Financial Costs Add On For New York State DWI Charges

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DWI (Driving While Intoxicated) violation is a common crime, and especially dangerous for those who need to commute daily between crowded cities like New York and suburban areas. Some days of the week have become all too predictable at experiencing greater instances of DWI, and some roads have become infamous for it (to and from Long Island, among others).

No one should belittle this as a traffic violation. Being drunk at the wheel at the wrong time can lead to great loss of lives, not just for the driver but many innocent other cars, their passengers, and pedestrians. This is why New York has particularly harsh penalties for DWI, considering it a felony, and being charged in New York has massive long-lasting consequences even past your trial.

THE REAL COSTS OF DWI

A DWI charge is expensive, even if you win. Costs start at $2500 to contest a first offensecharge without a crash, and obviously more if you’re involved in an accident in which someone has been injured or killed. You have to pay more for bail, if you don’t want to be held in jail while waiting for your trial to commence. No matter what happens, expect to pay out thousands of dollars.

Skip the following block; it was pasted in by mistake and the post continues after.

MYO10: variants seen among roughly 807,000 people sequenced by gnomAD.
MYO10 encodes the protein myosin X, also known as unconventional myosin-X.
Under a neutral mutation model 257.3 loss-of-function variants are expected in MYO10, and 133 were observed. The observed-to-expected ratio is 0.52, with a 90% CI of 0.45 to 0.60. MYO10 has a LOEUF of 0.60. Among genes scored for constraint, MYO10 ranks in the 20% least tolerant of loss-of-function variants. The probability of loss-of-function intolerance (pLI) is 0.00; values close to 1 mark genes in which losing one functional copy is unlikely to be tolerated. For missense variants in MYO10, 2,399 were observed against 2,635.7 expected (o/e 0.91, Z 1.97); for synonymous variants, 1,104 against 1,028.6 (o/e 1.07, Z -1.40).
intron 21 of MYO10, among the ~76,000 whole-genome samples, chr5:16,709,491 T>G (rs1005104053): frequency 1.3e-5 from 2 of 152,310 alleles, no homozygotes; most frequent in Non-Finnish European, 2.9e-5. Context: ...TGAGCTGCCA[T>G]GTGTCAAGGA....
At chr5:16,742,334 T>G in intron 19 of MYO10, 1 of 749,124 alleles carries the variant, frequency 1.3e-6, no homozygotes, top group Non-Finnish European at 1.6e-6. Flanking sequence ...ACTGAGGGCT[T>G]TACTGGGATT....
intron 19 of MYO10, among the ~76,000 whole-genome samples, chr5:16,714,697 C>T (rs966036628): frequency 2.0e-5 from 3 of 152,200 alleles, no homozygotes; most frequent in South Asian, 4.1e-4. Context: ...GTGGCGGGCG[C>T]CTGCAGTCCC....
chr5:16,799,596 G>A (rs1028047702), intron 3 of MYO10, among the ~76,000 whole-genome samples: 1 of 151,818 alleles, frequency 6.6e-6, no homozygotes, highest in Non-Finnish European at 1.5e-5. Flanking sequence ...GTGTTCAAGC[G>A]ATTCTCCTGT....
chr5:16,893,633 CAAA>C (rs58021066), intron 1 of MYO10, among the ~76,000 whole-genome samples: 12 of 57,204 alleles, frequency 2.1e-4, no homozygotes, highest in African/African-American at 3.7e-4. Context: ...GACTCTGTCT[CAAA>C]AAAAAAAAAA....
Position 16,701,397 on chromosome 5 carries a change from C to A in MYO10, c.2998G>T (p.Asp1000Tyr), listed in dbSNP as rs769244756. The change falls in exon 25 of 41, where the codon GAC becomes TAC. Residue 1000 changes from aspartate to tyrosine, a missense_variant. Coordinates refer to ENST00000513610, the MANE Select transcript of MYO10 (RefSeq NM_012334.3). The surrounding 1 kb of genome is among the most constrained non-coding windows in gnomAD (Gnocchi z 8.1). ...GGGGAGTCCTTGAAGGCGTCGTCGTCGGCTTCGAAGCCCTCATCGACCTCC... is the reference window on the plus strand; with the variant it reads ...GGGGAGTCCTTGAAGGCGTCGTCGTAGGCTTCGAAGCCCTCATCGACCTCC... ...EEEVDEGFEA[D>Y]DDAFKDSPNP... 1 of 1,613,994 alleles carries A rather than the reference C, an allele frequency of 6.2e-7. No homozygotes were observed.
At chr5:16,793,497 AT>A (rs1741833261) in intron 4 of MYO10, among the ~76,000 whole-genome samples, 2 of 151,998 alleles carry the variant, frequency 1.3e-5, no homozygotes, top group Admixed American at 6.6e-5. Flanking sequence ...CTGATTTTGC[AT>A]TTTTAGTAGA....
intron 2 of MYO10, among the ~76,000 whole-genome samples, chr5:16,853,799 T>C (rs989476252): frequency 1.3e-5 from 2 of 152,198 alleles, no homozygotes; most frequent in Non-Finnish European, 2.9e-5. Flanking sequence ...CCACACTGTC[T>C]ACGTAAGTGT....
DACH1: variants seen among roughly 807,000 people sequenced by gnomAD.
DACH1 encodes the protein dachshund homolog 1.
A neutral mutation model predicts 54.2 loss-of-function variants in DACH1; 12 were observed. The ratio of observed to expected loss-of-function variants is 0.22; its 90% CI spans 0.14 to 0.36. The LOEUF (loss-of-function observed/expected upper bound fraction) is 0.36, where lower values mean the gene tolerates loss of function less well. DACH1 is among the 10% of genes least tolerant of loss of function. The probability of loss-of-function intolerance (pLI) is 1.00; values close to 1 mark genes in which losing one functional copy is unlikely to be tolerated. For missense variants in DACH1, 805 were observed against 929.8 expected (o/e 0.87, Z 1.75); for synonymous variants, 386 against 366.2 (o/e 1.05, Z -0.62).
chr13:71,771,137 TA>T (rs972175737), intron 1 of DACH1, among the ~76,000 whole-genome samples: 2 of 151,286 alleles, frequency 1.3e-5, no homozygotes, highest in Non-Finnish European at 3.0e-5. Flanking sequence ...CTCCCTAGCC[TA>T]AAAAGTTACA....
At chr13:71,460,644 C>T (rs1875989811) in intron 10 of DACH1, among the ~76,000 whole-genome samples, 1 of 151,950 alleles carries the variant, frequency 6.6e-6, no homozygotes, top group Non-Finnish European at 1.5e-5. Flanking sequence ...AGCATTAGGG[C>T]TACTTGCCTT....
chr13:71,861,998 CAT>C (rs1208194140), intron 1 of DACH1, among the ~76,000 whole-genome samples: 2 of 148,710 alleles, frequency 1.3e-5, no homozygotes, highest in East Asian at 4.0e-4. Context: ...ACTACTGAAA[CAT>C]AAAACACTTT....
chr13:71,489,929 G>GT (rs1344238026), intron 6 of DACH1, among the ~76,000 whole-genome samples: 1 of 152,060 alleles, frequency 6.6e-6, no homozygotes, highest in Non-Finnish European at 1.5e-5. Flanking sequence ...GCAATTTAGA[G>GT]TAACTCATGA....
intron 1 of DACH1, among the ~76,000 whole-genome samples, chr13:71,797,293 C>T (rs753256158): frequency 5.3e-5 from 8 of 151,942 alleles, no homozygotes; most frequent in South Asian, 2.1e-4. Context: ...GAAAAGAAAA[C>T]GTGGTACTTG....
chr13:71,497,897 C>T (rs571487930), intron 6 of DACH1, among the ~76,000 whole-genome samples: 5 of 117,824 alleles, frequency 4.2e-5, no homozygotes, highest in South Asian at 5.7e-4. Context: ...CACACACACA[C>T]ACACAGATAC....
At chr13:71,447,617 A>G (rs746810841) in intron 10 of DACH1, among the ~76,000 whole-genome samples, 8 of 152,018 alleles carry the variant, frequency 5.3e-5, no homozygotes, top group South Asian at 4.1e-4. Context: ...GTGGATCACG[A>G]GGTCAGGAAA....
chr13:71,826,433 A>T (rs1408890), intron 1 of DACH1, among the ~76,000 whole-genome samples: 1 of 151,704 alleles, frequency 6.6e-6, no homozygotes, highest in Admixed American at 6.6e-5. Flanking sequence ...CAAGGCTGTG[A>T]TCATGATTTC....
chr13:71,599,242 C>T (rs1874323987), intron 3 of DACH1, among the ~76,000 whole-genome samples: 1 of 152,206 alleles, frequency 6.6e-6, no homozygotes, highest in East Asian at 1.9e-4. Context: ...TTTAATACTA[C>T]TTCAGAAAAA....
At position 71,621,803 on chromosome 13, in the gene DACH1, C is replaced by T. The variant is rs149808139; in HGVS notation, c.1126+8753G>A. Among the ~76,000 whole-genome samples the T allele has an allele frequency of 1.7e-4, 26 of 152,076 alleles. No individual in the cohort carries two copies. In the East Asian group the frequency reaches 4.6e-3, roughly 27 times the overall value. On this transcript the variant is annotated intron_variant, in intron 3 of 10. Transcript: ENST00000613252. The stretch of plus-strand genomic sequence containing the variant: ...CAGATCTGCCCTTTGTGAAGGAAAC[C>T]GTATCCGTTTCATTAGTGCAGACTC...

But we can skip the financial penalties the court may demand from you. You lose more in everything else surrounding the case.

  • Economic Losses from Reduced Ability to Earn

Time is money. How much do you earn in a week? Every day you’re in jail, every day you have to face the court, traveling to and standing in line at the DMV for your license reinstatement; all of these means time taken away from the hours you could have spent earning your salary.

Worse than that however, is that a suspended or revoked license (and of course, extended jail time) may mean your employer may feel it’s worth giving you the pink slip. And then, without a job, and with a DWI criminal record – it’s going to be that much harder to find a new job.